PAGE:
Draw poker with a twist – the lowest hand wins
Last issue we looked at Razz – a Stud game where the lowest hand wins. This month, in keeping with the low-handwins theme, we’re taking a look at the 5-Card Draw equivalents – Ace-to-Five Lowball and Deuce-to-Seven Lowball.
Mostly, these variants follow the normal rules of Draw poker. As such, everyone is dealt five cards face down, there’s a round of betting, and then each player still in the pot gets to change as many or as few cards as they choose (in some cases the limit is four). Naturally, in the Lowball version the idea is to form the lowest possible hand, though the details of what is the ‘lowest’ or ‘best’ hand changes according to the variation you’re playing.
In Ace-to-Five – otherwise known as California Lowball – straights and flushes don’t count against your hand and the Ace is low, so the best hand is A-2-3-4-5. However, in Deuce-to-Seven – also called Kansas City Lowball – the worst conventional poker hand wins. Straights and flushes do count, and are Dealer’s choice Lowball Draw poker with a twist – the lowest hand wins thus a disaster to a hand, while the Ace is always high. The A-5-4-3-2 this time is not counted as a straight but an A-5 high, beatable by a King-high or lower. The best hand is therefore a non-flush 7-5-4-3-2 (hence the name of the game).
Some other Lowball quirks:
BLINDS: Rules vary, but it’s not uncommon to play with three blinds, sometimes with the addition of antes.
JOKERS: Ace-to-Five Lowball (though not Deuce-to-Seven) is usually played with a Joker, making a 53-card deck. The Joker automatically plays as the lowest card not already present in your hand.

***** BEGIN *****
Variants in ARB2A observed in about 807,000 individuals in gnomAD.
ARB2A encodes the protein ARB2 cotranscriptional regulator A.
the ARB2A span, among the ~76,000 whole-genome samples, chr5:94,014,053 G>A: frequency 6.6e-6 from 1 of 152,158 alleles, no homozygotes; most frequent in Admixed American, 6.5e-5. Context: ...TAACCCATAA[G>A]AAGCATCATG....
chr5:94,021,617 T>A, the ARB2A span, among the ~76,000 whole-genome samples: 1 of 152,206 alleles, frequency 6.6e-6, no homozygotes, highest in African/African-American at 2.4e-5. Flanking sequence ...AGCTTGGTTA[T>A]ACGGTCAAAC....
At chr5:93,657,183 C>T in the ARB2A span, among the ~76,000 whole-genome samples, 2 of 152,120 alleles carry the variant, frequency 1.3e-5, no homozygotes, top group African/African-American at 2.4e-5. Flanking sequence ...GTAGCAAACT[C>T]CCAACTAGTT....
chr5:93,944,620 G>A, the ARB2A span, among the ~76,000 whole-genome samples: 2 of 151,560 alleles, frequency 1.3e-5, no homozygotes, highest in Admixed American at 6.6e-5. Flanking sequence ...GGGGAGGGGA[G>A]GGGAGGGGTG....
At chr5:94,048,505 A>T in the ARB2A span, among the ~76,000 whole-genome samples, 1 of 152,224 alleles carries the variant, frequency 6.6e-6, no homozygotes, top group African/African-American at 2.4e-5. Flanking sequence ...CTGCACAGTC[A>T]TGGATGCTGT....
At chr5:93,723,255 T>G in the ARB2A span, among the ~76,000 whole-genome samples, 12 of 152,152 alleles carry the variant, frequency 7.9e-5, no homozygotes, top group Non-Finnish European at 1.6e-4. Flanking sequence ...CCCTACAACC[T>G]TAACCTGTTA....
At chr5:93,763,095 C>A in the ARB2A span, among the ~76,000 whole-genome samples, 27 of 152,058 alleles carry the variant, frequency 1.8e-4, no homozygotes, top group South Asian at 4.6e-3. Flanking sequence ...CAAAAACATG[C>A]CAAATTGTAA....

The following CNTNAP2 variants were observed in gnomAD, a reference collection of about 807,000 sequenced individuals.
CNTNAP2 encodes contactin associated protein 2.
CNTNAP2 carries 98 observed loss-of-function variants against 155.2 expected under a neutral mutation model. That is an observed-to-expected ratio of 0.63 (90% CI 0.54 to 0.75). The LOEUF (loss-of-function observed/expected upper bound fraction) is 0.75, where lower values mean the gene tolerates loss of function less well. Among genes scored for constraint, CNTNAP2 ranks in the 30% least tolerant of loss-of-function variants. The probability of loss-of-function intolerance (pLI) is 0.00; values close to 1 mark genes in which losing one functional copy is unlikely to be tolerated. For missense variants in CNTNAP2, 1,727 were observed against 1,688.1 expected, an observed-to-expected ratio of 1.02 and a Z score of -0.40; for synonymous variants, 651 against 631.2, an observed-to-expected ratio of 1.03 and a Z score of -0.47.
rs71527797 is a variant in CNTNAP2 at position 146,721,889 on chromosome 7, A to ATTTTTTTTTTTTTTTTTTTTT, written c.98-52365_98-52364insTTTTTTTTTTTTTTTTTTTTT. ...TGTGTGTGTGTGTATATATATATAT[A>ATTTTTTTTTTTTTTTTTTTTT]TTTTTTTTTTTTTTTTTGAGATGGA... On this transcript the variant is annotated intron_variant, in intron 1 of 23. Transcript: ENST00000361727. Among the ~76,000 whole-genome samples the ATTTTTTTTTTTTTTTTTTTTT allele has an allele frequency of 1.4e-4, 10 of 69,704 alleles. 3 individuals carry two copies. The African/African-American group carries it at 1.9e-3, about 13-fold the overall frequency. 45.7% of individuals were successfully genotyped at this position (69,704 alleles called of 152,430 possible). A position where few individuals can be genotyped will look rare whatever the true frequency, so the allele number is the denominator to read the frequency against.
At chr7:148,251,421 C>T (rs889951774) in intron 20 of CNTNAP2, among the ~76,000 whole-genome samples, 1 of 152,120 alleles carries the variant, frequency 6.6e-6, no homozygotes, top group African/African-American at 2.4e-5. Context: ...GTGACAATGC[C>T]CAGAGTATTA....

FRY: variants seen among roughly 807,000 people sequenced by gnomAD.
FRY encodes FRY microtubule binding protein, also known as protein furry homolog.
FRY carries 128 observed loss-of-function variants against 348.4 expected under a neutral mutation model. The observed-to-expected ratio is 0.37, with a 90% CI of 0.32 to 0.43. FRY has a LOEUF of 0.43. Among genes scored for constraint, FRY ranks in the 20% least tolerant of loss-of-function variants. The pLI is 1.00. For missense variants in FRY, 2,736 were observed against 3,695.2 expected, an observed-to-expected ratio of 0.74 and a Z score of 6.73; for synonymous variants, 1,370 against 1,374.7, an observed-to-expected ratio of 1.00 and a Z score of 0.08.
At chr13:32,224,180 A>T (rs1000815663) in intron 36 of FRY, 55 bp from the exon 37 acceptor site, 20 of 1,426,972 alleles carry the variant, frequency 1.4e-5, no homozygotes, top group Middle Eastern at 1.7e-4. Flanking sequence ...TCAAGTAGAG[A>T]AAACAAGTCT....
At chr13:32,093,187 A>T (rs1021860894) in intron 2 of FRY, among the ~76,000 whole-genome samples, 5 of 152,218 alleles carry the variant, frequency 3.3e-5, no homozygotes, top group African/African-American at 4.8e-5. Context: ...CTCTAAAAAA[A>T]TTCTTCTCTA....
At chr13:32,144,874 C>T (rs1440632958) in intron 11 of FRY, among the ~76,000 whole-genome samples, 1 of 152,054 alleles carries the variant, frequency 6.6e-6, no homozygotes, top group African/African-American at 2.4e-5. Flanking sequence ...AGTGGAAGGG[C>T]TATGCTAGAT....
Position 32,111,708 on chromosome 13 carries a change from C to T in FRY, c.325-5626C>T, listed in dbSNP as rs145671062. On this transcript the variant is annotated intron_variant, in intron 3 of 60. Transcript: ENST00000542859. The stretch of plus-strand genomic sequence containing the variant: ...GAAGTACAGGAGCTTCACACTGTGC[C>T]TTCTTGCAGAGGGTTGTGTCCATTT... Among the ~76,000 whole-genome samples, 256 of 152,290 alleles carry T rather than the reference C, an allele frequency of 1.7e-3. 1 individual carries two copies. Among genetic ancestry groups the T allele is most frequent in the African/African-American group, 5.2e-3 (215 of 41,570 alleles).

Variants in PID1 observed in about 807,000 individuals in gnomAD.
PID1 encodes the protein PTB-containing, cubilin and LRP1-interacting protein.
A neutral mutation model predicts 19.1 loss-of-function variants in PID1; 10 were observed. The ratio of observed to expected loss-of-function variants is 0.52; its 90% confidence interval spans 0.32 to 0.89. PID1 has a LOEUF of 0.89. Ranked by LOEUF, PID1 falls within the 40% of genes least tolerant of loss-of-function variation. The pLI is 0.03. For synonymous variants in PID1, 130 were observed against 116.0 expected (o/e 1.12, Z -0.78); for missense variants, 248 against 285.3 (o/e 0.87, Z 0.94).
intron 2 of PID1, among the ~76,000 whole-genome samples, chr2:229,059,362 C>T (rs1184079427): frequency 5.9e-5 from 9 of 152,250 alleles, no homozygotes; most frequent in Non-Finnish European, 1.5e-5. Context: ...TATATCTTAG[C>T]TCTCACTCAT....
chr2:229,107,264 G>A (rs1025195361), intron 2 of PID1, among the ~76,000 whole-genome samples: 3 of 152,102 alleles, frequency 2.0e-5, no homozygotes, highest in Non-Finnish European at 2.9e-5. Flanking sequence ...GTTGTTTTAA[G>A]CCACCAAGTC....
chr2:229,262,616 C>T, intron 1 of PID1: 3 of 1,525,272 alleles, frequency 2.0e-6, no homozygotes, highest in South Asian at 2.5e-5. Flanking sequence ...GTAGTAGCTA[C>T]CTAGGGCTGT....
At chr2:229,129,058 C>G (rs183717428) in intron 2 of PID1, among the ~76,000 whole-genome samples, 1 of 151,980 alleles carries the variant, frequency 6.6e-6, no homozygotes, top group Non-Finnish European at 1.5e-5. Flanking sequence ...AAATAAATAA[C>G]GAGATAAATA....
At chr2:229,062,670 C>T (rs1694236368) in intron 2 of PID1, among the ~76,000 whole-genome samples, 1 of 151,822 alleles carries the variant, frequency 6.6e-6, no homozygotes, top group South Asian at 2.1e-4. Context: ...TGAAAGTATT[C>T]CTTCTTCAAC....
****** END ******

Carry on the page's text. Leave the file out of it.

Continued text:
PAIRS: If you reach the showdown with a pair in your hand, you have to verbally announce it to avoid someone misreading your hand.
Like Hold’em, Lowball is played in limit, potlimit and no-limit variations, and each comes with a different set of betting rules. Check- raising, for example, is fine in pot-limit and no-limit Lowball, but is not allowed in limit Ace-to-Five (unless stated), while in limit Deuce-to-Seven it’s only allowed after the draw. In A-5 limit play, there’s a further (slightly odd) rule called ‘must-bet-Sevens’. Unless explicitly waived, this rule states that if a player checks a Seven-low or better (i.e. in an attempt to trap) and it is the best hand, all bets after the draw are void and the player cannot win any subsequent bets. If, however, he checks the Seven or better and goes on to lose, the bets stand and the winner takes the whole pot. For Deuce-to-Seven the ‘must-bet- Sevens’ rule does not apply.
With only two betting rounds, Lowball offers a lot less action than the likes of Hold’em, and with no exposed cards it’s almost impossible to put your opponents on a hand (the only real indication being the number of cards they draw). Here we show what might happen in a typical round of Lowball Deuce-to-Seven…